With regards to failover, vReplicator provides the capability of test failover, an advantage that confirms the integrity of the DR VM by powering it on in an isolated state.

    Another clarification is that neither product supports ESXi as a replication target. In addition, along with several performance improvements the Q4 release of vReplicator 3.0 will be licensed at $499 per socket. The Beta Program is currently open and we can provide you with a copy of the beta release, if you’d like.

    To learn more about the upcoming release of vReplicator 3.0, please go to our corporate Blog site, Vizioncorum

    Paul McGee
    Product Manager

  5. admin says:

    Hi Paul,

    We appreciate your note & your professionalism. Our team have actually e-mailed your team as well Veeam team to provide their thought on the comparison, though it seems the dedicated ones on both side had spotted the comparison, before anyone check the e-mail which is a good sign of the needs for this comparison.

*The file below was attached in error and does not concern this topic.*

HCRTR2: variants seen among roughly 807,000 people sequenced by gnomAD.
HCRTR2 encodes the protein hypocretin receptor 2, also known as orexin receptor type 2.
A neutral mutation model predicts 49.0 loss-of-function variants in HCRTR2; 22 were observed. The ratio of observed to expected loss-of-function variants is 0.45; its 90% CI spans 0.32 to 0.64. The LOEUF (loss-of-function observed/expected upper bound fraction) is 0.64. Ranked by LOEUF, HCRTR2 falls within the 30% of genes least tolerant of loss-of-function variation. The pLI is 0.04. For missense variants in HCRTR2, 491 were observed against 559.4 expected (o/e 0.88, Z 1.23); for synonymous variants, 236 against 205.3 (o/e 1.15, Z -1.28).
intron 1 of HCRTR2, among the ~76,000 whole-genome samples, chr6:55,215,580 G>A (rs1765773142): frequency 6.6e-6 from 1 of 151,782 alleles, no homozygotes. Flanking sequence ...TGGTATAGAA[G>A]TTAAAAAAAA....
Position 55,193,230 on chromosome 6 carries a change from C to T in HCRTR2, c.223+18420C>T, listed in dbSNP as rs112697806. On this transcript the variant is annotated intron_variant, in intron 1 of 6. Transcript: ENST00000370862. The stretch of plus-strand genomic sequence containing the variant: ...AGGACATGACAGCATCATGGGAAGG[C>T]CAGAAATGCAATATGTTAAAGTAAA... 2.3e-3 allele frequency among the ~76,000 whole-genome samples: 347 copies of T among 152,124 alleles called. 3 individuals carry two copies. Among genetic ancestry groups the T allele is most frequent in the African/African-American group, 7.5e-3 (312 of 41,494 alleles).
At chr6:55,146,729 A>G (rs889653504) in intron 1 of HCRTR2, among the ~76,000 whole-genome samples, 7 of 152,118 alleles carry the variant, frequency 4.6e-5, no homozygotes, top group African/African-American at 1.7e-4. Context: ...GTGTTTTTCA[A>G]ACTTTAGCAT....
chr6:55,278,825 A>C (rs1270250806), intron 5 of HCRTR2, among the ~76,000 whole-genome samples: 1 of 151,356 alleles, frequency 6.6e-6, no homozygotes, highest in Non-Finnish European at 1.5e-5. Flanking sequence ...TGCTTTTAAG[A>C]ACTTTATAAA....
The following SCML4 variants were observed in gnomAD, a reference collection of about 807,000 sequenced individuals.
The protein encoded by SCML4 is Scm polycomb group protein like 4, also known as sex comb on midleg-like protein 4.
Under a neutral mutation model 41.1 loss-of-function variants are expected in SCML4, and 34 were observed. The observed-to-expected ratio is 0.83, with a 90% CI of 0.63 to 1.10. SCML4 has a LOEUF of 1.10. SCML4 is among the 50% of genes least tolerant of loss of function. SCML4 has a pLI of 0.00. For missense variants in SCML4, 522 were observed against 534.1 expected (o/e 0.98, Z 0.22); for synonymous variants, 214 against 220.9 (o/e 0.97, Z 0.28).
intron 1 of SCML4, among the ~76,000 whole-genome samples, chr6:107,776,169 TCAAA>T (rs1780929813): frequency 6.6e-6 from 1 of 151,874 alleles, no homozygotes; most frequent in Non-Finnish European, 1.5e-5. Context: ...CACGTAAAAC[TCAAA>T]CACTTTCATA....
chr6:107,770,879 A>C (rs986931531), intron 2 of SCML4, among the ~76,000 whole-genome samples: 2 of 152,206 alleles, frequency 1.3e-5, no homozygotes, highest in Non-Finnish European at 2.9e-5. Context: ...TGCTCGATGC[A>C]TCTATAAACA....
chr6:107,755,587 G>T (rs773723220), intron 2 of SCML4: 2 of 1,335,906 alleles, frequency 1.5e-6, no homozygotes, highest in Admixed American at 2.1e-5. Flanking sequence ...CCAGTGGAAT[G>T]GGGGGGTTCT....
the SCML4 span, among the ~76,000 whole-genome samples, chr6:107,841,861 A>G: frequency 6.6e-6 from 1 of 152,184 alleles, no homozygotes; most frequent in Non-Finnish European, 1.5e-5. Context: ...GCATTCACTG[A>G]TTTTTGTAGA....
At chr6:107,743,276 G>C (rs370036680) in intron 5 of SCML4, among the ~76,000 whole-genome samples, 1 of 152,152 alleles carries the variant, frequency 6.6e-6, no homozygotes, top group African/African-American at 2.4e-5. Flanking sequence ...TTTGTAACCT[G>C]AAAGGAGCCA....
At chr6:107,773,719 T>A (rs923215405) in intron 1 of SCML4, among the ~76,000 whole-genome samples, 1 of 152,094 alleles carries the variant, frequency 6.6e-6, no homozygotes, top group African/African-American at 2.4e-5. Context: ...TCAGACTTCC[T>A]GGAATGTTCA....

We have just confirmed that Veeam backup & replication still does not support ESXi as a replication target, which put it on the same boat with Vizioncore. This was verified in their manual as well in the lab. So thanks for pointing that out, and the comparison has been updated accordingly.

    We have put a small note on your upcoming pricing model for vReplicator in the comparison as well.

    Again thanks for your notes, & would love to receive a demo license of the upcoming vReplicator 3.0, though we can’t update our comparison with features in it till its a final release.

    ITComparison Team.

  6. Anton Gostev says:

    A few comments from Veeam side:

    1. Veeam supports ESXi as replica source, Vizioncore does not support ESXi at all. You would think – no big deal? But we have